Many workers were left confused following Boris Johnson's statement on Sunday night ordering a return to work for some with only 12 hours notice and no official guidance on how they could do so safely.
What the nation was looking for from the Prime Minister was clarity and consensus. The truth is that his statement raised more questions than it answered.
When the guidance was finally released, it was welcome to see the adoption of some of the measures called for by the TUC and Labour, but it still fell short of providing a clear plan for a safe return to work outside the home.
For instance, there is no obligation for employers with fewer than 50 employees to publish risk assessments, which is a missed opportunity to make sure they can be scrutinised.
The government has said that the Health and Safety Executive will be enforcing the new guidelines, however, after a decade of budget cuts, it does not have the resources to inspect workplaces - staffing numbers are down by more than 1,200 and funding has been cut by £100m since 2010. Without sufficient funding and resources, laws protecting workers and public health cannot be enforced.
Last week, I launched a survey asking for your thoughts on lockdown, how it has affected you and your family, and whether you supported a loosening of restrictions. Nearly 300 people have filled out my survey, and the results so far show that over 65% of respondents do not support a loosening of restrictions at present, over 60% do not feel confident that they could return to work safely, and over 32% are reliant on public transport to get to work.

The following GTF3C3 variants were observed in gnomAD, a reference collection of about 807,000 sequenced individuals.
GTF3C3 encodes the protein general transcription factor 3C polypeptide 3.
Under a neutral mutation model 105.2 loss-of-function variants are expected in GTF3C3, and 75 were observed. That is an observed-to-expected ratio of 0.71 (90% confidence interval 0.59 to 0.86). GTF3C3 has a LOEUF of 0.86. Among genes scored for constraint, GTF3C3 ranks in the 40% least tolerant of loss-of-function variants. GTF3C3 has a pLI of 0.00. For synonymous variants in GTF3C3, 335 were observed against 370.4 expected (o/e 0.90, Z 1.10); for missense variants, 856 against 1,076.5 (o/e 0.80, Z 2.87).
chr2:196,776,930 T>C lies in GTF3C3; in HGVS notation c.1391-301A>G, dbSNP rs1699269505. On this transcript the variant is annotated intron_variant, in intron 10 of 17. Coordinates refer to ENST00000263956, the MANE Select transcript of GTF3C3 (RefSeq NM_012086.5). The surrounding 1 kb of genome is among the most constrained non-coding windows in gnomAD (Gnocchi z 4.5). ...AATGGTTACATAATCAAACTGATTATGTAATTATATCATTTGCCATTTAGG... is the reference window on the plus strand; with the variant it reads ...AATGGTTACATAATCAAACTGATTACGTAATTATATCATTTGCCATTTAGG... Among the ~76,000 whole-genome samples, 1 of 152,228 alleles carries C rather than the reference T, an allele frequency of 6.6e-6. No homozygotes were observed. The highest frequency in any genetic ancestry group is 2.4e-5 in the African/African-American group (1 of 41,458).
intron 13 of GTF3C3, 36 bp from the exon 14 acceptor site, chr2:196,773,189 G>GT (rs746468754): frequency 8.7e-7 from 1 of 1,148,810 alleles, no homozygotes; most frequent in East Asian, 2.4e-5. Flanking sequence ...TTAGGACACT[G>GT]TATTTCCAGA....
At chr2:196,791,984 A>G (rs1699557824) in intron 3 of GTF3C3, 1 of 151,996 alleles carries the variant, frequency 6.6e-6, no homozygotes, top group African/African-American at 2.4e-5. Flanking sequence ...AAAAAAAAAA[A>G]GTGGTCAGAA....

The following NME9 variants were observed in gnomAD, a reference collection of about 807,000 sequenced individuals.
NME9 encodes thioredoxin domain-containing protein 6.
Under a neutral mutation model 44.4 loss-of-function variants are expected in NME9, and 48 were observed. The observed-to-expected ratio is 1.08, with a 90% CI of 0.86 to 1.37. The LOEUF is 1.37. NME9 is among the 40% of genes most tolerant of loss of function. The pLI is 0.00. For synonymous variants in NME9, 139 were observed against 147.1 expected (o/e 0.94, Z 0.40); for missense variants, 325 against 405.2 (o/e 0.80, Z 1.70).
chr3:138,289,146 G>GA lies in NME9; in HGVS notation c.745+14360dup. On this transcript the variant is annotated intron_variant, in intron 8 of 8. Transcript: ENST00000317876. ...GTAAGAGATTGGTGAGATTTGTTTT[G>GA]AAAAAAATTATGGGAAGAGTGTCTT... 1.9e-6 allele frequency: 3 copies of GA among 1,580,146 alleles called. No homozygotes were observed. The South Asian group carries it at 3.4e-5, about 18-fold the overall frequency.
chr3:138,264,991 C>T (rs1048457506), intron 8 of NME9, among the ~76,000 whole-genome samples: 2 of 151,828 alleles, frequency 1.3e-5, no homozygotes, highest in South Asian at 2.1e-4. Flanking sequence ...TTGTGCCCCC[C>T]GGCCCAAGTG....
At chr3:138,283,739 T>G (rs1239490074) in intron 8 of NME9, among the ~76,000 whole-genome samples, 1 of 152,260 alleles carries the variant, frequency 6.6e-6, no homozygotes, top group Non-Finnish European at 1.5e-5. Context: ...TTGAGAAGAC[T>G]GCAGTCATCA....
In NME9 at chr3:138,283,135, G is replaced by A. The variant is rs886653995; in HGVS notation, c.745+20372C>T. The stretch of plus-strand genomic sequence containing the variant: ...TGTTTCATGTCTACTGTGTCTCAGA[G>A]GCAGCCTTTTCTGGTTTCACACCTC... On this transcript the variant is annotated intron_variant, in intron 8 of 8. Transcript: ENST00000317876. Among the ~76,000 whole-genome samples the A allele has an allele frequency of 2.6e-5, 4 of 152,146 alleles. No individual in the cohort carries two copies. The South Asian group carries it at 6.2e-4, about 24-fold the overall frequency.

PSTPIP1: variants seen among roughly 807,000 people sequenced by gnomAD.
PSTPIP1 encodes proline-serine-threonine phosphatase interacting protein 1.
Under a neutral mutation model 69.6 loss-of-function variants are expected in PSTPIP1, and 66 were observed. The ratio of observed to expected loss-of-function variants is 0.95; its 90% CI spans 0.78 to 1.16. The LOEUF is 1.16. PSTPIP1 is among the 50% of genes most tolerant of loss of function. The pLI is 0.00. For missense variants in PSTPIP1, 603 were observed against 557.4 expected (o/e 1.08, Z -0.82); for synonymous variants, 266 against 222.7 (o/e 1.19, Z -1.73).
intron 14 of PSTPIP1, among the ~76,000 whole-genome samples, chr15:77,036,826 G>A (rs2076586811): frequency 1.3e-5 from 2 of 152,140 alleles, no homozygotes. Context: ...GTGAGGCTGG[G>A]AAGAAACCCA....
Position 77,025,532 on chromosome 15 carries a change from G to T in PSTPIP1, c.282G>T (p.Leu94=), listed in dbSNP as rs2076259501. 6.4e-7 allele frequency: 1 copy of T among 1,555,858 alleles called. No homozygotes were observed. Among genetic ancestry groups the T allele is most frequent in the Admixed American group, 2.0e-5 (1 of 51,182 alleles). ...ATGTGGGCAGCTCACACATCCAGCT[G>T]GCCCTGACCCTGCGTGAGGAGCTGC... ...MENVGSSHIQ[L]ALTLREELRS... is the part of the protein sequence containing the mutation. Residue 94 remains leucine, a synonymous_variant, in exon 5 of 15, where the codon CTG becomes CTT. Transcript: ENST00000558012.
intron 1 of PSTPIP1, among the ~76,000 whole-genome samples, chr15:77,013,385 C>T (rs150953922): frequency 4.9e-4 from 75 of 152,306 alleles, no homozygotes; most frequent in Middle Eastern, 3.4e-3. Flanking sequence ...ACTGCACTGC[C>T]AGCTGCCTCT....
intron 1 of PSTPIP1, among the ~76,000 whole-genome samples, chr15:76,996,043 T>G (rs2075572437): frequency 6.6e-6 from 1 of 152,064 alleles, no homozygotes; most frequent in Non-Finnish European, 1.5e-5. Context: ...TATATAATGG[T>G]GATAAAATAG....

If you haven't already, you can complete the survey by clicking the button below.
My letter of thanks to the community pharmacies in my constituency who, despite a steep increase in demand for essential medicines, have continued to ensure that the needs of the community are met during this crisis.
The government has been too slow in protecting people in care homes, too slow on testing and too slow on protective equipment.
The care homes I’ve spoken to in my constituency tell me that they feel pressured to receive discharged patients from hospital who are known to be Covid-19 positive, or who are still awaiting test results.
They tell me that PPE is still not making its way to them. Over 70% of the care homes I’ve spoken to in my constituency have told me they have either run out, or are running dangerously low, of one or more items of PPE.
Many have told me that they are still struggling to access tests, and when tests are arranged, the results can take between 7-14 days to come back, well beyond the government’s 48-hour target. Efforts to reach the daily testing target are in vain if the results are not shared in time for appropriate action to be taken.